• Chris Dietrich

    Hi Michael,
    I have a family friend who is selling his 10 unit complex in FL. This is premarket & there is already a bunch of interest @ $539K but he will sell it to me (friend/family) for $500K. It currently generates $5k per month positive cash flow after expenses. I only have $50k cash to put down. Is there any lenders who will do a 90% LTV for first time buyers?
    Chris Dietrich
    you can call me 404-662-6838

  • Hi Michael, I have an interesting scenario here in my little mountain town that I’d like your feedback on… there’s an older motel, been here for a long time, right in the heart of our town. There are many trendy folks moving to town as well as younger people who come here for the recreation options (Colorado). The property is for sale and I’ve thought of converting it to studio apts. Your thoughts about how to approach that?

  • Antony Aspeling

    Hi Mike, everything great so far. Please look at your discussion on Average annual return. The example you use in the video is supposedly the same as the one for download..yet there is a difference. With the download version there is a difference..the AAR is %15.5 and in the video it is %22. The difference seems to be the principal reduction. Can you just speak to this and how you calculated. regards tony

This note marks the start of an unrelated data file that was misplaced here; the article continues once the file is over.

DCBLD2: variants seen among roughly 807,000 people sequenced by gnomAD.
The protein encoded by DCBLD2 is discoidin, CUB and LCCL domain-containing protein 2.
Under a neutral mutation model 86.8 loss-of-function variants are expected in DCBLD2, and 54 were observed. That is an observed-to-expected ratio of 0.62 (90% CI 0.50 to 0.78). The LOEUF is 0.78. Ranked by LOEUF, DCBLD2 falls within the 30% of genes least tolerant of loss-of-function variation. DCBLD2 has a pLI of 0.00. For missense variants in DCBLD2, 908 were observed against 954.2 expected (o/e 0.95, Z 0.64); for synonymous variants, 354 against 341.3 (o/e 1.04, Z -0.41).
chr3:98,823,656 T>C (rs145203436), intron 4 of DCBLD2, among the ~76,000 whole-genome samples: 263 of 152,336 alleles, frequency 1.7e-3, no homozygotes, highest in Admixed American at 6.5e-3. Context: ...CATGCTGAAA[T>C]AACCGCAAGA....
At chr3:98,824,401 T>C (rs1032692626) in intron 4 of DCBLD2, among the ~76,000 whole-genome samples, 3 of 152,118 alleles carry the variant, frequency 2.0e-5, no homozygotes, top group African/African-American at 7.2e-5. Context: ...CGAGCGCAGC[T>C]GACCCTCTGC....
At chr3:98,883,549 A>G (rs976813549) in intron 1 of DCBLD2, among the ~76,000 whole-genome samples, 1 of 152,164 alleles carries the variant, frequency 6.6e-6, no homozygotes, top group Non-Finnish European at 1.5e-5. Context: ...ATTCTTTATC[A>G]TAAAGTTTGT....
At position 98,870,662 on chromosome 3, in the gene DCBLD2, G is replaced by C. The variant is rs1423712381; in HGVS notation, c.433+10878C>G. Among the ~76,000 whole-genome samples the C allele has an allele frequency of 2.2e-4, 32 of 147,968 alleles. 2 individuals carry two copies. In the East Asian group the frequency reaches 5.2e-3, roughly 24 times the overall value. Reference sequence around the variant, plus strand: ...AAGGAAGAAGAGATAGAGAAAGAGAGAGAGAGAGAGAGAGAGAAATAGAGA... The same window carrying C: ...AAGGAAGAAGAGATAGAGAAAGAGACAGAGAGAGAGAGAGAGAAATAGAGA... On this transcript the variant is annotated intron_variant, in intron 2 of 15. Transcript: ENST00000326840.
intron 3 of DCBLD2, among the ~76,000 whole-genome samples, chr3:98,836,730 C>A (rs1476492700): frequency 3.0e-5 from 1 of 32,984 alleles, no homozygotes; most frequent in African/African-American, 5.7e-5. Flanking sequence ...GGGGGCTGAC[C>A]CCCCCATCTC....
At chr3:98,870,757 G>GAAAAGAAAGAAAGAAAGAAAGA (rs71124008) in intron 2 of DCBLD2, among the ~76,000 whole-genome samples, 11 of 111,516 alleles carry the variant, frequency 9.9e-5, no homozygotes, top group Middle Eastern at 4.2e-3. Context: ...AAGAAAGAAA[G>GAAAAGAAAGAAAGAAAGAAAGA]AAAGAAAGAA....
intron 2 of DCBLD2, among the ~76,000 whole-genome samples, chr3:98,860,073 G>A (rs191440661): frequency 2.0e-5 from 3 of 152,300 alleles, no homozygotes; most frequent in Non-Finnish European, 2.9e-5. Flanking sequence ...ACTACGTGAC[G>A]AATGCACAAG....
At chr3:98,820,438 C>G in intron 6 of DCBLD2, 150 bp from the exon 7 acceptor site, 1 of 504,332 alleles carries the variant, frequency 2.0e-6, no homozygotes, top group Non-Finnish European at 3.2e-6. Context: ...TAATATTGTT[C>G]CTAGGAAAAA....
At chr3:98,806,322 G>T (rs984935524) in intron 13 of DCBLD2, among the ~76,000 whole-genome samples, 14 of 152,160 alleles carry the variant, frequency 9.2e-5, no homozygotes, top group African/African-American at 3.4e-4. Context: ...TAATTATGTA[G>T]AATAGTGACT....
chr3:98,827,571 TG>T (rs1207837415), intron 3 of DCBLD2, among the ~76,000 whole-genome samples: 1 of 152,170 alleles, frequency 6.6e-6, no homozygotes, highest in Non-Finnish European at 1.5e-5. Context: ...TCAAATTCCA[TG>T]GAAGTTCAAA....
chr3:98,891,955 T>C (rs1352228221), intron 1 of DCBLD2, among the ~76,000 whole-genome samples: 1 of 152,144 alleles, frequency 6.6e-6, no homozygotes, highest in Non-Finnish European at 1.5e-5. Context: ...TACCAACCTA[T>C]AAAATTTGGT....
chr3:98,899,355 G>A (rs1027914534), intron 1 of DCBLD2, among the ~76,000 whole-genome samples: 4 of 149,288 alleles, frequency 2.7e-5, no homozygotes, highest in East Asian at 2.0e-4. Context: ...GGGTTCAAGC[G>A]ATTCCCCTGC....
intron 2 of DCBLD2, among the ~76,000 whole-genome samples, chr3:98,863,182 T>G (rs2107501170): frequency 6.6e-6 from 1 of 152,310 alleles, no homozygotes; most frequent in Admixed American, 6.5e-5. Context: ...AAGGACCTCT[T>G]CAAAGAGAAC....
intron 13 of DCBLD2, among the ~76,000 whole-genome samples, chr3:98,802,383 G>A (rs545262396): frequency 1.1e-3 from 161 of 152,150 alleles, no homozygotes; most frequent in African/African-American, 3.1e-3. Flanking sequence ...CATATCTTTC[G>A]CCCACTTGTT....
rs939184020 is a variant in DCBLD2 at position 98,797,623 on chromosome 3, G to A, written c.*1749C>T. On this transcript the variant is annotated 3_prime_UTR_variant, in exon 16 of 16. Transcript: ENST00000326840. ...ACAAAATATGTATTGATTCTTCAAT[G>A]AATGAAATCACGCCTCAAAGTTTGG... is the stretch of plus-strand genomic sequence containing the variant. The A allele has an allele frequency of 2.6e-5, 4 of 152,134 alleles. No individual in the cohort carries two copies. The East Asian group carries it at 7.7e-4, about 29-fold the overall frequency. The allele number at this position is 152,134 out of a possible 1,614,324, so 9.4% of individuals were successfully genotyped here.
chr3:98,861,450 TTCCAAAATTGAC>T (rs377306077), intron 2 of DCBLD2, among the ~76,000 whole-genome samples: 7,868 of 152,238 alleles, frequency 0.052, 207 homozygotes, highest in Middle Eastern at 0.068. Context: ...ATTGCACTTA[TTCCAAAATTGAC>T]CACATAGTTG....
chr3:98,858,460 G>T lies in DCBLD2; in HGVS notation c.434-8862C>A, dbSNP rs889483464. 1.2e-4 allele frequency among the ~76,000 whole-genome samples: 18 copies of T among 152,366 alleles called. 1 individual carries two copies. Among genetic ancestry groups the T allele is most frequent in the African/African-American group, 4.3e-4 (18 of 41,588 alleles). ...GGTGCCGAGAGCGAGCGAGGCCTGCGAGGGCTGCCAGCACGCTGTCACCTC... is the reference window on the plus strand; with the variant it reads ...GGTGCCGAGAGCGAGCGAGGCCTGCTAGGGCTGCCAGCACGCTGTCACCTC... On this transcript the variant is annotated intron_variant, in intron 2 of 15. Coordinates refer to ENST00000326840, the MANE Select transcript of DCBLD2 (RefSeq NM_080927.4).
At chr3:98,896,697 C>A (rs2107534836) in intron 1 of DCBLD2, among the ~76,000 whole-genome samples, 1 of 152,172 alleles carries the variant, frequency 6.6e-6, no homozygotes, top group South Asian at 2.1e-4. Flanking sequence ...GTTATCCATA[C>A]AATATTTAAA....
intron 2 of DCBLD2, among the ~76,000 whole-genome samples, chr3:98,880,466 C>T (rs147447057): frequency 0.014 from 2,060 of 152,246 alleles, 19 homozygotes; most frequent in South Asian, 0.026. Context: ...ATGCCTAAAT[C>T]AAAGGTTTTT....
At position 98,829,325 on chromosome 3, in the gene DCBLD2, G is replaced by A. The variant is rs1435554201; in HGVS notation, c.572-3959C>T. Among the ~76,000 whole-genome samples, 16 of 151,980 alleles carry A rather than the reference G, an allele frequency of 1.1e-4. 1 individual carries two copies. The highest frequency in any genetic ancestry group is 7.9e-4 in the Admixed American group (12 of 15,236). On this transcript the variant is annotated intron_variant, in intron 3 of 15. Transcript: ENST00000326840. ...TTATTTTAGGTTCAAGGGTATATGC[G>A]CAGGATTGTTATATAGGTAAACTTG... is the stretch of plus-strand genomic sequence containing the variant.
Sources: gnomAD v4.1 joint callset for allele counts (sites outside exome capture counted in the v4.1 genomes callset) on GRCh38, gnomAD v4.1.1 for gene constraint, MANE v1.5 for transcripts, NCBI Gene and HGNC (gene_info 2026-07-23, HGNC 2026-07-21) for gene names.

• Rahul Deshpande

    Hi Michael, Is there a way to validate the rent that the seller is claiming in his listing ? Recently, I came across an apartment community where the seller was claiming a rent of $x per month per unit. Upon visiting the community location in person, I began to doubt his claim as this was very low-scale neighborhood and $x per month would be very high for someone located there to pay.

  • Sam Steinmetz

    Hi Michael,
    On the Syndicated Deal Analyzer in the “P&L tab” how can I edit the avg rents increase to project future returns? I can only edit the first year. I followed along with your “how to buy a 20 unit apt deal” video on my SDA but when you got to the P&L tab my “avg monthly rent” wasn’t in blue like yours, except the first year. I wasn’t able to change year 2, year 3 to increase the rent to my projected rent increases.

    Thanks Michael

  • mike.dymski

    Hey Michael,
    What is the range of market compensation for non-recourse loan sponsorship (i.e. helping the deal sponsor bridge their net worth and liquidity gaps with the lenders’ requirements)? If the compensation is presented as a % of the GP (general partnership), please specify the LP/GP split that goes with it as 5% of the GP is different than 10% of the GP in a 70/30 split versus a 50/50 split (or just specify the % of the full deal). Thanks.

  • Mike

    Hi Michael,